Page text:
About Ammonites


An ammonite fossil cut in half to reveal inner structure. From ammonites for sale on FossilEra.com
were predatory mollusks that resembled squid. These cephalopods had eyes, tentacles, and spiral shells. They are more closely related to a living octopus, though the shells resemble that of a nautilus. Ammonites first appearing in the fossil record 240 million years ago, descending from straight shelled cephalopods. The last lineages disappeared 65 million years ago at the end of the Cretaceous.

  • Ammonites used a biological pump and siphon system to control their buoyancy.

  • Only a few species of Ammonites survived each of several extinction events.

  • Ammonites are used as index fossils.

  • Septae separated the gas chambers within the shell. Their suture points create beautiful patterns.

  • Suture patterns and whorl characteristics are used to identify species.

  • Ammonite females are believed to be larger than the males.

  • “Ammonite” refers to the Egyptian God, Amun, and the ram’s horns on his head.

  • Ammonites

    Artists reconstruction of an ammonite. By Nobu Tamura
    belong to the large phylum Mollusca, which includes invertebrates. Their class Cephalopoda includes the gastropods (snails and slugs), however the cephalopods are have greater neurologic development. Ammonoidea, Coleoidea and Nautiloidea are sub-classes of Cephalopoda. Ammonites are more closely related to coleoids, which includes the living, soft bodied cephalopods like squid and the octopus.

    Ammonites descend from an animal called a bacrite. Bactrida were straight-shelled cephalopods of the Devonian (415 mya), though they appeared as early as 390 mya. Both bacritids and ammonids produce vast quantities of eggs, while nautiloids do not. The eggs of bacritids and ammonids contained a small, embryonic shell called a protoconch. The protoconch of Bacritida was globular and small, while the nautiloid protoconch was large.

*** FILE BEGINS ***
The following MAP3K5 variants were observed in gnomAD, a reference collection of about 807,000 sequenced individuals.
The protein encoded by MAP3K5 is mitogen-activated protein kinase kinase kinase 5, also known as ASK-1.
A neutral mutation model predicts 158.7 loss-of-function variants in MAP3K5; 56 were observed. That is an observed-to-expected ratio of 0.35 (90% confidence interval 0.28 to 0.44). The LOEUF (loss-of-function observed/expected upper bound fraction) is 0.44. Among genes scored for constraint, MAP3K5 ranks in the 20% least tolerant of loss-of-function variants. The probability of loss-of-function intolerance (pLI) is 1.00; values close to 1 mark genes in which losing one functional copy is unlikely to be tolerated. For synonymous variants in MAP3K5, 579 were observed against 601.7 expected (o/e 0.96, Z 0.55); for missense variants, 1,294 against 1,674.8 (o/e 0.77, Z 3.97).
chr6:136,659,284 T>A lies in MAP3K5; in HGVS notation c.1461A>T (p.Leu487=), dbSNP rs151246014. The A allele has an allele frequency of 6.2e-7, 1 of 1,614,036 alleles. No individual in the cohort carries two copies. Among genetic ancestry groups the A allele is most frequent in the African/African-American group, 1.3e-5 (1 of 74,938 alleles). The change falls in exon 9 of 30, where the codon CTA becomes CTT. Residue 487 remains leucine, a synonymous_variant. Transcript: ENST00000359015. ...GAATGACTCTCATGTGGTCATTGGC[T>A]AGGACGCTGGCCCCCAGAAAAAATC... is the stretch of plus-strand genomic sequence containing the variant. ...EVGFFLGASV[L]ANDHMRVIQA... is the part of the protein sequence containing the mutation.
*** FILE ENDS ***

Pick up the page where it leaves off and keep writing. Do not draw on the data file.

Nautiloids are distinguished by their concave septa which point toward the living chamber and their septae are described as simple compared with ammonoids. Modern nautiloids do not have the bony plate called an aptychus, which is believed to have closed off the opening of the shell, or to have been a structure of the jaw.

    Ammonites can have straight shells which are described as orthoconic. An example is the Family, Bacculites. Straight shells of Orthoceras are remnants of nautiloids, not ammonoids. Baculites have the elaborate suture patterns famous to the ammonites. Baculites lived in the Cretaceous, while Orthoceras was already extinct in the Triassic period.
    Ammonoids survived several major extinction events- though in each instance, only a few species survived to diversify before the next event. Their extinction and the survival of the nautiloid may be tied to different reproductive strategies. About 8 species of Ammonites from two Families survived to the end of the Cretaceous. The last lineages disappeared with the dinosaurs during the Cretaceous–Paleogene extinction event, 65 mya.

    Ammonites maintained buoyancy via a biological pump and siphon system called a siphuncle. The siphuncle connected the living chamber with the older parts of shell.